The distractions of life brought about by our self-pleasing desires (think ‘lusts’) and goals (think ‘pride’) do more to rob us of living fully in the kingdom of God now than anything else.  We try to either pay off the past or store up for an uncertain future.

Does this bring us any real peace or satisfaction? No.  There is always something more.  Standing opposite these distractions, Jesus is calling us to tarry with him right now.  He is calling us into his rest, peace, joy, and abundant life.

Second, he said, “Follow me.  I will make you fishers of men.” Witnessing and bearing our testimony about Jesus is not as much a duty or a formula as it is a natural result of following Jesus.  If you ‘abide in the vine,’ you will bear fruit.

Showing and telling Jesus to the world will be a natural product of our lives as we learn to follow/abide in Jesus.  Abiding is in the promise to the disciples in Acts 1:8, because when they ‘wait in Jerusalem’ they would ‘receive power to be witnesses’ of Jesus.  See the connection?  Jesus promises to make us witnesses – “I will make you” – who bear testimony to his work and work.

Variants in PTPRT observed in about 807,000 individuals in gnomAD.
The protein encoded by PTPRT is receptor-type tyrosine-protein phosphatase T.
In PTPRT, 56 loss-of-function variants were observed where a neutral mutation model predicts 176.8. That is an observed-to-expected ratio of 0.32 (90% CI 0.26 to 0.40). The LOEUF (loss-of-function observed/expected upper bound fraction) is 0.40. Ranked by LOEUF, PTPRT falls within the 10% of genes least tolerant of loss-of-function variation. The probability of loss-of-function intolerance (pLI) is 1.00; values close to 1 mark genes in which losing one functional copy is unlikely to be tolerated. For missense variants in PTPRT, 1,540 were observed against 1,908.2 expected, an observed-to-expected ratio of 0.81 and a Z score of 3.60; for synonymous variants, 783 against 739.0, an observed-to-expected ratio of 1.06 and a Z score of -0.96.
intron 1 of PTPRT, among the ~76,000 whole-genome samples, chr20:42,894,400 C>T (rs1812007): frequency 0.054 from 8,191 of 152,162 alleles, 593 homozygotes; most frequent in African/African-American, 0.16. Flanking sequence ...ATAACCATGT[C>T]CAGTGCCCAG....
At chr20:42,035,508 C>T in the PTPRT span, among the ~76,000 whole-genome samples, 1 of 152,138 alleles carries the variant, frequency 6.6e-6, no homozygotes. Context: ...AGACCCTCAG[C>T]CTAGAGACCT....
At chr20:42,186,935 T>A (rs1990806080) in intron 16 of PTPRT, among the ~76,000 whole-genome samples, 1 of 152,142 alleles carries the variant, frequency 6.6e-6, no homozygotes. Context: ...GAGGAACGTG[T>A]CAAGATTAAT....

As we focus upon the ultimate goal of knowing Jesus intimately through prayer, bible study, serving, sharing, and worship, the natural byproduct will be making Jesus known to the people around us in neighborhoods, schools, and workplaces.  In this way, we will ‘fish’ for people who are seeking God.  Notice that the key word is “fish” and not “catch.”

One thing I have learned over the years is that there is a reason why people call it fishing and not catching!  Some days I don’t catch anything – or don’t even have a nibble!  Those are discouraging days.

Similarly, as “fishers of men and women” our concern is not with the catching but with the fishing. The Holy Spirit is the Great Catcher of men’s and women’s hearts and souls.  Only he can draw a person to the Father, convict of sin, righteousness, and the judgment to come, and sanctify a person’s heart.

Our duty is to be the lure, the net, the hook to attract lost people.  The only way to be such is to focus on the ultimate goal of being with Jesus.  Isn’t that so much easier?  Takes the pressure off, doesn’t it?  Sounds like just plain common sense to me.